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Family legacy continues with Mediterranean Q-C restaurant
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Photo: John Greenwood
Ashkon Ajidh started a new business, Sultan Mediterranean Restaurant, at 3850 Blackhawk Road, Rock Island.
ROCK ISLAND - Ashkon Ajidh, owner of Sultan Mediterranean Restaurant at 3850 Blackhawk Road, knows a thing or two about warm climates. His parents originally hailed from Azerbaijan, and Mr. Ajidh spent his childhood in a number of nearby countries, including Turkey and Pakistan.

This isn't to say he was unfamiliar with seasons. Describing his native lands, he speaks of "beautiful green springs, sunny summers, falls when everything is yellow and nice, mild winters when it snows only two or three times."

Even so, the most striking difference between where he grew up and the Quad-Cities, where he has come to reside, is the snow. Describing the adjustment, Mr. Ajidh said his compatriots joke, "The first year, you like the snow. The second year, you are fine with it. And the third year, you are over it."

Mr. Ajidh may have been new to the area when he came to the Quad-Cities, but he was not new to the restaurant business: In each of the countries where his family has resided, his father has operated a restaurant. Opening Sultan was a way for Mr. Ajidh to continue that legacy.

But first, he had to figure out how to adapt the Persian dishes he wanted to offer to suit American tastes. In some cases, it was a question of logistics. Describing a favorite dish from home that involves duck, walnuts and pomegranate paste, Mr Ajidh paused and said, "You don't really get that paste around here." So, he said, you learn what you can make based on the herbs and spices that are available.

As he has adapted recipes, Mr. Ajidh has held to a very simple goal. "I try to give people a nice price and pleasing flavor," he said.

It's a strategy that seems to be working. Since opening in September 2011, Mr. Ajidh said, Sultan has developed a reputation for its gyros. "We cook them a little differently than other places. People like the taste," he said.

A traditional gyro sandwich, served in pita bread with tomato, onion and cucumber sauce, costs $5.99 at the restaurant. Other dishes range in price from $6.99 for flatbread pizzas to $7.99 for featured dishes such as steak shish kebabs and shevid baghali polo -- a rice dish containing dill and lima beans.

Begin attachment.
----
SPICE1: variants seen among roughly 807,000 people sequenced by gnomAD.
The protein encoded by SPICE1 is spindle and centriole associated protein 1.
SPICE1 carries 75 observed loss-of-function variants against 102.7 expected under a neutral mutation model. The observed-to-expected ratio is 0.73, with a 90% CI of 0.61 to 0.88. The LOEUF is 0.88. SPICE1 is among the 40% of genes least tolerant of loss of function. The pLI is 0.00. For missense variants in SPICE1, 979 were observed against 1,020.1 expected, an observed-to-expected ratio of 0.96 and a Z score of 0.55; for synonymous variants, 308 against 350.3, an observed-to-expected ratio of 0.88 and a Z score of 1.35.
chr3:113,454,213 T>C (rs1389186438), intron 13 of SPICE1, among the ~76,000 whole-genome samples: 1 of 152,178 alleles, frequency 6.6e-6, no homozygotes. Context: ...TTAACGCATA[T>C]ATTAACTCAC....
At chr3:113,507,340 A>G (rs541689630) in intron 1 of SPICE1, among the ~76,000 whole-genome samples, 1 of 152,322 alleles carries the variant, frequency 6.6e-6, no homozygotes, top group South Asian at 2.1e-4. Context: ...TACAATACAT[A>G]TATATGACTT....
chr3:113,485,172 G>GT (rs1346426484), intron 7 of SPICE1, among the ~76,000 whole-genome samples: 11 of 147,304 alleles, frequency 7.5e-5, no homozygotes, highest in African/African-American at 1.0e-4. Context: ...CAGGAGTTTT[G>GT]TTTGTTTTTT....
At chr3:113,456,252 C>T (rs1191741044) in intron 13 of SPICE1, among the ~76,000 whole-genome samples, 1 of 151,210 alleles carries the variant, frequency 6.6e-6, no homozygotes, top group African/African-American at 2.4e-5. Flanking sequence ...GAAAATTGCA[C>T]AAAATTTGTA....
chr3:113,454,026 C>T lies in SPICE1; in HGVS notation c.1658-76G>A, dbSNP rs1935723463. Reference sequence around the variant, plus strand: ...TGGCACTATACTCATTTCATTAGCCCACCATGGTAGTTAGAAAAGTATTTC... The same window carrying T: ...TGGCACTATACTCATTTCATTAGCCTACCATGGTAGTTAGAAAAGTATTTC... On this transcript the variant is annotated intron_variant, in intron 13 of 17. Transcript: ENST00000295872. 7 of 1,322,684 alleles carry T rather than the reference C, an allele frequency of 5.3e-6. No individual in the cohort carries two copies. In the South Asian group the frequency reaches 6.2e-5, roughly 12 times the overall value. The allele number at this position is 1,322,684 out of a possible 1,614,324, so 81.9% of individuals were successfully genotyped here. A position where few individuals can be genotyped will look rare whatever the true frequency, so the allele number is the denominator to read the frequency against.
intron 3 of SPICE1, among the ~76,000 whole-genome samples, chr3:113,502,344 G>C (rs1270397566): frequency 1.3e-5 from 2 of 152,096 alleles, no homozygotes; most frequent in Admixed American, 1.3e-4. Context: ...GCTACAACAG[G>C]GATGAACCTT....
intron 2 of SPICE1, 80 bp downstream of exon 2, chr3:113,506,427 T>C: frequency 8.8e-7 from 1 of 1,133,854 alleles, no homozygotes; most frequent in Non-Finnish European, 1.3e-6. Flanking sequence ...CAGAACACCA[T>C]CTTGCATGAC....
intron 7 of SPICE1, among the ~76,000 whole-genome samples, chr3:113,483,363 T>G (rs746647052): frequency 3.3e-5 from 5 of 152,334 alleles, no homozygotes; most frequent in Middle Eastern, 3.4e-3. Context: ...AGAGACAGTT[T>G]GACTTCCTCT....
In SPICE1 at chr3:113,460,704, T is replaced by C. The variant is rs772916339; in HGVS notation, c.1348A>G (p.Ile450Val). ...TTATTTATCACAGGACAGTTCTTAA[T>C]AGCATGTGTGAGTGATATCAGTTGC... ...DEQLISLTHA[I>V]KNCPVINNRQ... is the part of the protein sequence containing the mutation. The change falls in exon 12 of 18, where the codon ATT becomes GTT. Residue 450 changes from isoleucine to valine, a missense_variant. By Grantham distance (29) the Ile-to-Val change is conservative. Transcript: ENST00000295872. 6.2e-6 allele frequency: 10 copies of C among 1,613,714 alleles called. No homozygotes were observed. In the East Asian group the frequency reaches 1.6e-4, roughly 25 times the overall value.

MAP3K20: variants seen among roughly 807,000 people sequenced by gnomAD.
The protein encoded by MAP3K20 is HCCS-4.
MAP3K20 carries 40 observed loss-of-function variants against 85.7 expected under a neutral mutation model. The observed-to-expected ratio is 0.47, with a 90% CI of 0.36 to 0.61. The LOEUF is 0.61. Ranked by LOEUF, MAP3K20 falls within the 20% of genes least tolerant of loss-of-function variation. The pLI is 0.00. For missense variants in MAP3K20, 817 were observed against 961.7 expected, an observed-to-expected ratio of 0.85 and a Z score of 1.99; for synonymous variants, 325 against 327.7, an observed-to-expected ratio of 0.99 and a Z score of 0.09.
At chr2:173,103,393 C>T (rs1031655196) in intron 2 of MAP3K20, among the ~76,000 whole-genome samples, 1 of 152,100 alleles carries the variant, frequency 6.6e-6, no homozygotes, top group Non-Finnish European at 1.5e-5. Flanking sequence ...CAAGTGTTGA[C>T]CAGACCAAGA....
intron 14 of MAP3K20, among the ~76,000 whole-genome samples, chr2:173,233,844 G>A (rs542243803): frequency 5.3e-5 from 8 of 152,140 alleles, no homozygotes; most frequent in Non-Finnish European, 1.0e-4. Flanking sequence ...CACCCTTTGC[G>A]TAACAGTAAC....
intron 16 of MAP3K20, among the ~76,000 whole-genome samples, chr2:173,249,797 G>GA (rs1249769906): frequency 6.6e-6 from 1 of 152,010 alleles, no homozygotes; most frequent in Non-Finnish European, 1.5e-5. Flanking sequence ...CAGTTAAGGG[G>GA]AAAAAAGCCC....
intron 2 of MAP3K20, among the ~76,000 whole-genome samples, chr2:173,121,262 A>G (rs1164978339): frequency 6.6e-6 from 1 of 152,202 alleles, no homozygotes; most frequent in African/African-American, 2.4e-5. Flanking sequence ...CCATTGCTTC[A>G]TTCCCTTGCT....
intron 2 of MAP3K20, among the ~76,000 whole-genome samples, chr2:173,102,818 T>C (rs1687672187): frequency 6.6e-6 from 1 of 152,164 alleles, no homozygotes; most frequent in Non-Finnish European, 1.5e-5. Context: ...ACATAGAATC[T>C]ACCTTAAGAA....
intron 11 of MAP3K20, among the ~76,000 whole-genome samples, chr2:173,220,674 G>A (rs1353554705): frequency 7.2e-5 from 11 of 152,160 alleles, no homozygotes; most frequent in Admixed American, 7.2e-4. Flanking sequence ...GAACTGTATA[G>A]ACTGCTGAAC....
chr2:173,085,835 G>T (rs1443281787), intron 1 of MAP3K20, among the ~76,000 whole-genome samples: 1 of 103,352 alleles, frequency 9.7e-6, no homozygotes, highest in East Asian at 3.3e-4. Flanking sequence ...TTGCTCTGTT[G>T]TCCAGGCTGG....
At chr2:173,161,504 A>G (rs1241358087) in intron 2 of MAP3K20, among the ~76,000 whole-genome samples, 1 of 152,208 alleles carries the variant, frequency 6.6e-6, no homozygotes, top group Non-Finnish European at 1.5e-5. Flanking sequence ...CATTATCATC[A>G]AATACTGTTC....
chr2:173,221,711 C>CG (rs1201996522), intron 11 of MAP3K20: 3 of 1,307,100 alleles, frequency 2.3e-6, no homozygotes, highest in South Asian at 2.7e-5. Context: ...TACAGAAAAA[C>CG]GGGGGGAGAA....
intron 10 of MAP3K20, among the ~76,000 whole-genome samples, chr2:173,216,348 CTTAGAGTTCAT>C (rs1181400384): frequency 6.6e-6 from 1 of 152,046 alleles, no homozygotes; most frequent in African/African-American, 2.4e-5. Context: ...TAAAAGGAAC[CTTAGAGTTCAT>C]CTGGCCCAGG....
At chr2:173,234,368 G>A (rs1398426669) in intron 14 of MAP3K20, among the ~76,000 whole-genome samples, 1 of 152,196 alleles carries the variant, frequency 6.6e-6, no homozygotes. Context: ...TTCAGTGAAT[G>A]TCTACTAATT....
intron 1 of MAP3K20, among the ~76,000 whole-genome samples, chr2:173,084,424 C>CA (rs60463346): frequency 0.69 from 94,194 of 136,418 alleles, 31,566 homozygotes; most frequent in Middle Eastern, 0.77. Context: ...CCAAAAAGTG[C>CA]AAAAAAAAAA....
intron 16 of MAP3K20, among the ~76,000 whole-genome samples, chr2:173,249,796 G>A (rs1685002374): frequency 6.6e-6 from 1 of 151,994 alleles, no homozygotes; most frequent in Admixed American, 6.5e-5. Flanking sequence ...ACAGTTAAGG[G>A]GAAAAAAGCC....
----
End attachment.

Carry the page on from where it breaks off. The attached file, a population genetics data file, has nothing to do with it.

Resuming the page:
The restaurant has proven particularly popular with area vegetarians. Mr. Ajidh estimated 40 percent of his customer base is vegetarian. For every meat dish on the menu, he explained, there is a vegetarian option. One of his goals for the restaurant, in fact, is to show "vegetarian doesn't mean tasteless."

Another goal? "I like to have a warm environment for the restaurant," said Mr. Ajidh, which is part of the reason he recently renovated the space he is in to add a bar.

Having met his initial goals for the number of customers served at the restaurant, he began seeking ways to enhance their experience. Adding a bar, he said, has encouraged customers to linger a while and unwind. Whereas before they would generally eat their meals and leave, now they tend to stay a bit to enjoy a glass of wine or a bottle of beer and chat a bit, said Mr. Ajidh.

The bar, which Mr. Ajidh built himself with the help of friends and family as a New Year's project, runs the length of the restaurant along the wall separating the dining area from the kitchen. Several clocks hang on the wall, which Mr. Ajidh wants to set to times in different Mediterranean countries.

"It has made it cozier," said Mr. Ajidh. "People come and sit. They have their food and take their time." It's a change he enjoys, he said.

Drinks at Sultan range in price from $2.50 for domestic beers to $4 for premium mixed drinks.

The added opportunity the bar affords to interact with customers benefits Mr. Ajidh as well, who said running a restaurant keeps him very busy. "I get here early, leave late. There's always something to do -- running, prepping. You don't know how the time passes," he said.

He also keeps busy developing new recipes to add to the menu. Recently, he has been working to adapt a pasta sauce he hopes will be a popular new offering. It has peanuts in it. "That's a Persian touch," he said. "Persian people use a lot of nuts in dishes."

-- Location:Southwestern Asia, bordering the Caspian Sea, between Iran and Russia, with a small European portion north of the Caucasus range.

-- Population:9,493,600 (July 2012 estimate). No. 91 in the world.

-- Languages:Azerbaijani (Azeri) (official), 90.3 percent; Lezgi, 2.2 percent; Russian, 1.8 percent; Armenian, 1.5 percent; other, 3.3 percent; unspecified, 1 percent (1999 census).

Source: CIA World Factbook.

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